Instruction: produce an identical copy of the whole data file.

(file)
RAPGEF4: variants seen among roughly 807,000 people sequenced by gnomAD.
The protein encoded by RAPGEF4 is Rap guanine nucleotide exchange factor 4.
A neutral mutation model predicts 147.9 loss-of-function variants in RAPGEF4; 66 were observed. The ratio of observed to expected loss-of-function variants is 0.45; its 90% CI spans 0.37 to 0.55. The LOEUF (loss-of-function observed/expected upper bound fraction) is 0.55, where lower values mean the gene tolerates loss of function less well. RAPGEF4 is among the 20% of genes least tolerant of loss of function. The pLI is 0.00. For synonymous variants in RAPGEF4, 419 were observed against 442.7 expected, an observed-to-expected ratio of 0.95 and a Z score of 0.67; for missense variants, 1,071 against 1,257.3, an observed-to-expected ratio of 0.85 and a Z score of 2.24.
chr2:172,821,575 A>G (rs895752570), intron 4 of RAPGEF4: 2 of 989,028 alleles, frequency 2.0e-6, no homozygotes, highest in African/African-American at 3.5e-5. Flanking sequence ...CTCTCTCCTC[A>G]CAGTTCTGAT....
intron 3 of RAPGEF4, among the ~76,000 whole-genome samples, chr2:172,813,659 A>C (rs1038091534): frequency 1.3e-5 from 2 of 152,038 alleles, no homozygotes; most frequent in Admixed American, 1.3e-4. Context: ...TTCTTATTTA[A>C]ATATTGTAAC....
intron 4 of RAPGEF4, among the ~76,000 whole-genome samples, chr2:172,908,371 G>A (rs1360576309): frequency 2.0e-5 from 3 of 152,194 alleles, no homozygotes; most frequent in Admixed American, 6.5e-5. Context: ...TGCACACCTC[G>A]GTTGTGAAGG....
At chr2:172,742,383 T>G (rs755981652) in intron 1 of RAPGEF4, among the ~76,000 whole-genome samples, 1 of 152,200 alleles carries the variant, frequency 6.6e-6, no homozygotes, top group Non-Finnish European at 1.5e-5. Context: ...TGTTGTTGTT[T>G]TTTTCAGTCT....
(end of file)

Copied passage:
RAPGEF4: variants seen among roughly 807,000 people sequenced by gnomAD.
The protein encoded by RAPGEF4 is Rap guanine nucleotide exchange factor 4.
A neutral mutation model predicts 147.9 loss-of-function variants in RAPGEF4; 66 were observed. The ratio of observed to expected loss-of-function variants is 0.45; its 90% CI spans 0.37 to 0.55. The LOEUF (loss-of-function observed/expected upper bound fraction) is 0.55, where lower values mean the gene tolerates loss of function less well. RAPGEF4 is among the 20% of genes least tolerant of loss of function. The pLI is 0.00. For synonymous variants in RAPGEF4, 419 were observed against 442.7 expected, an observed-to-expected ratio of 0.95 and a Z score of 0.67; for missense variants, 1,071 against 1,257.3, an observed-to-expected ratio of 0.85 and a Z score of 2.24.
chr2:172,821,575 A>G (rs895752570), intron 4 of RAPGEF4: 2 of 989,028 alleles, frequency 2.0e-6, no homozygotes, highest in African/African-American at 3.5e-5. Flanking sequence ...CTCTCTCCTC[A>G]CAGTTCTGAT....
intron 3 of RAPGEF4, among the ~76,000 whole-genome samples, chr2:172,813,659 A>C (rs1038091534): frequency 1.3e-5 from 2 of 152,038 alleles, no homozygotes; most frequent in Admixed American, 1.3e-4. Context: ...TTCTTATTTA[A>C]ATATTGTAAC....
intron 4 of RAPGEF4, among the ~76,000 whole-genome samples, chr2:172,908,371 G>A (rs1360576309): frequency 2.0e-5 from 3 of 152,194 alleles, no homozygotes; most frequent in Admixed American, 6.5e-5. Context: ...TGCACACCTC[G>A]GTTGTGAAGG....
At chr2:172,742,383 T>G (rs755981652) in intron 1 of RAPGEF4, among the ~76,000 whole-genome samples, 1 of 152,200 alleles carries the variant, frequency 6.6e-6, no homozygotes, top group Non-Finnish European at 1.5e-5. Context: ...TGTTGTTGTT[T>G]TTTTCAGTCT....